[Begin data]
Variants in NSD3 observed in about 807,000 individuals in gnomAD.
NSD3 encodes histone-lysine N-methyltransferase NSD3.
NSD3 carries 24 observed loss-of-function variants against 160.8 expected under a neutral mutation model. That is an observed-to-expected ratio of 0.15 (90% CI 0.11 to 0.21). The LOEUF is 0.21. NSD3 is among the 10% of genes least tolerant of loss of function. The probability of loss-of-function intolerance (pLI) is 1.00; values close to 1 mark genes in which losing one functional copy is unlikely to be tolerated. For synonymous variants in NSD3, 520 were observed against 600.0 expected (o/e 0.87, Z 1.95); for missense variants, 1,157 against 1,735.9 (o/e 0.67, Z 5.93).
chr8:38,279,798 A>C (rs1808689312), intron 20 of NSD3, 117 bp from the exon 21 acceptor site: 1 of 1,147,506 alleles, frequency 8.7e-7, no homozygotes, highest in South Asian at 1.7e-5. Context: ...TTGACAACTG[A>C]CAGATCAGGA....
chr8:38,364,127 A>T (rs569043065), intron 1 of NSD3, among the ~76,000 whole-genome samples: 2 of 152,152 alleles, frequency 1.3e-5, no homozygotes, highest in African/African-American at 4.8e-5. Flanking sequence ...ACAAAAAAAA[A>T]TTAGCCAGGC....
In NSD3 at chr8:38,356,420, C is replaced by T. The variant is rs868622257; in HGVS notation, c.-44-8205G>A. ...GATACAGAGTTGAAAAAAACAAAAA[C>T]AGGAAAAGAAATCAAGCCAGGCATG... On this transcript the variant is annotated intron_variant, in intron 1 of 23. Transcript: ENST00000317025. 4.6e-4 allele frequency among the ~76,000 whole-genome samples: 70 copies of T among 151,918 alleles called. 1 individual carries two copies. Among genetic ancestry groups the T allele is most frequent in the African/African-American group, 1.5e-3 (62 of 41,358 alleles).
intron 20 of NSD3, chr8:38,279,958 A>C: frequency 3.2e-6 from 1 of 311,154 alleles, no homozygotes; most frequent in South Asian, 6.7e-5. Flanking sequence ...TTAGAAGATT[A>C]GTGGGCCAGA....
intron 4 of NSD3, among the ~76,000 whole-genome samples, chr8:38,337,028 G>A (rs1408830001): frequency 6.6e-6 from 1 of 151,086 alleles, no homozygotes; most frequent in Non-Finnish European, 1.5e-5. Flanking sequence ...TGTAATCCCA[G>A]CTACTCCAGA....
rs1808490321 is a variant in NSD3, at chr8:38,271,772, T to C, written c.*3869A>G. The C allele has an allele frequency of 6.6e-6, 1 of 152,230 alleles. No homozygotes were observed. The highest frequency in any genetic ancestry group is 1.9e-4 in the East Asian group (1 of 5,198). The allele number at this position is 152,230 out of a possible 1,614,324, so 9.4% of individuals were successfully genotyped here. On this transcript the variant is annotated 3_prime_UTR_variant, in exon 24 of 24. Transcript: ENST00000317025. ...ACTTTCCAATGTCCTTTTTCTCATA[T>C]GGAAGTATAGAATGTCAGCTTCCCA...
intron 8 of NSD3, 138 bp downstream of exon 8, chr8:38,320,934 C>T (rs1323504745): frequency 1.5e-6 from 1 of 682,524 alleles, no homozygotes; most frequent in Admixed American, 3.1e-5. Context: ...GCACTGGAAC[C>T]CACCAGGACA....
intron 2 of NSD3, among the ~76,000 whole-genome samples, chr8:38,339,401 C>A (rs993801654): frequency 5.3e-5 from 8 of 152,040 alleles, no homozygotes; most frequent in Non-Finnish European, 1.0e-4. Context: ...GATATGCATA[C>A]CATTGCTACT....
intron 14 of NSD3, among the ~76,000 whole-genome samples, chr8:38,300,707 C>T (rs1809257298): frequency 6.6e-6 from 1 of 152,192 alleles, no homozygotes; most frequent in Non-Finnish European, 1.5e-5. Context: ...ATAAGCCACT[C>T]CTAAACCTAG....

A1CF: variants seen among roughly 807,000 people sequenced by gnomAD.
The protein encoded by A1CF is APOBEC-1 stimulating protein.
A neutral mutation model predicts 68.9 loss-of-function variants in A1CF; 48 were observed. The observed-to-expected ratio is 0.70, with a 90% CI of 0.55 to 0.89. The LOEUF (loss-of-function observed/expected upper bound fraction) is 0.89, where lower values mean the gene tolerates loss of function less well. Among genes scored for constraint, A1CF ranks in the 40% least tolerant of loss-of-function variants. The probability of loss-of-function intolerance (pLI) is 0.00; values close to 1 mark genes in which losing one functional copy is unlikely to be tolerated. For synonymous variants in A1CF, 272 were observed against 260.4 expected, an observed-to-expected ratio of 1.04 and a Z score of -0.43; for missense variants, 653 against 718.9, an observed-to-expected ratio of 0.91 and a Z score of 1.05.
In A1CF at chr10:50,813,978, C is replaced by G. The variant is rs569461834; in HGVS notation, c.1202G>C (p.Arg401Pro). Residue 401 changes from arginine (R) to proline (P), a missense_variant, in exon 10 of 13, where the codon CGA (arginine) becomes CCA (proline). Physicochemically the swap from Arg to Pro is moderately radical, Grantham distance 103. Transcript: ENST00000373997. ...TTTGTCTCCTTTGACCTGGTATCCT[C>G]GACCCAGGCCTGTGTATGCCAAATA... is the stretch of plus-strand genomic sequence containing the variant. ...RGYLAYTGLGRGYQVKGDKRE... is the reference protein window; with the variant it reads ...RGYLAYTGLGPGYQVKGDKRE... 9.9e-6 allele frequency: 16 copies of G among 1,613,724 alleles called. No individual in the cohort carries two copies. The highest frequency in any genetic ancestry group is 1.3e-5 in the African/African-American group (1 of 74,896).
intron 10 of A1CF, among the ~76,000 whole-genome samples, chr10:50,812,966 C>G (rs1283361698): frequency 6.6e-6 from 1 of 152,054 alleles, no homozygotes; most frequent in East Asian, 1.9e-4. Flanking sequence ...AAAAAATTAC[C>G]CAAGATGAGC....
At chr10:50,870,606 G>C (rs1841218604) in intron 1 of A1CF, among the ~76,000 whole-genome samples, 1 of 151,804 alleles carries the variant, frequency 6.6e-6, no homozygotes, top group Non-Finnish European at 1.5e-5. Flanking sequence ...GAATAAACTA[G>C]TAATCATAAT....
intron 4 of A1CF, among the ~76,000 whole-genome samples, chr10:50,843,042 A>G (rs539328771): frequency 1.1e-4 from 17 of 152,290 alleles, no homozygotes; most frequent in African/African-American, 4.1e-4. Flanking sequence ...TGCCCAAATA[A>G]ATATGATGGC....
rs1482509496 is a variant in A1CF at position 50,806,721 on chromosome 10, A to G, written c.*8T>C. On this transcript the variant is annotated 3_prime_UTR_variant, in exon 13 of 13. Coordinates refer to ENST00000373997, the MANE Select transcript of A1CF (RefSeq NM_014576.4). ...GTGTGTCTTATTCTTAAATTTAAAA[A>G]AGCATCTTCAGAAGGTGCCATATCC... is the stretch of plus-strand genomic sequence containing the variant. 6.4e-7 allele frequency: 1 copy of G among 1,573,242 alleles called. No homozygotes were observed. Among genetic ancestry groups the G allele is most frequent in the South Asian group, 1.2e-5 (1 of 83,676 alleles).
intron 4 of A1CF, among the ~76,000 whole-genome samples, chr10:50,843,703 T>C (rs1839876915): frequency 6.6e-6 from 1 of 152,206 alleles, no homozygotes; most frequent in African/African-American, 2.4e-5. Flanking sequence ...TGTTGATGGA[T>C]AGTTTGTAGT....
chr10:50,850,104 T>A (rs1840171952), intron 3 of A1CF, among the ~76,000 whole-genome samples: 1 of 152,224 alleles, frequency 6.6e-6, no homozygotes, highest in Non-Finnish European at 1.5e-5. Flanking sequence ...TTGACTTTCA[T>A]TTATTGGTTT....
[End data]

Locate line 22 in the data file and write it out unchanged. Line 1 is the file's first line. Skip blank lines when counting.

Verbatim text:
chr10:50,850,104 T>A (rs1840171952), intron 3 of A1CF, among the ~76,000 whole-genome samples: 1 of 152,224 alleles, frequency 6.6e-6, no homozygotes, highest in Non-Finnish European at 1.5e-5. Flanking sequence ...TTGACTTTCA[T>A]TTATTGGTTT....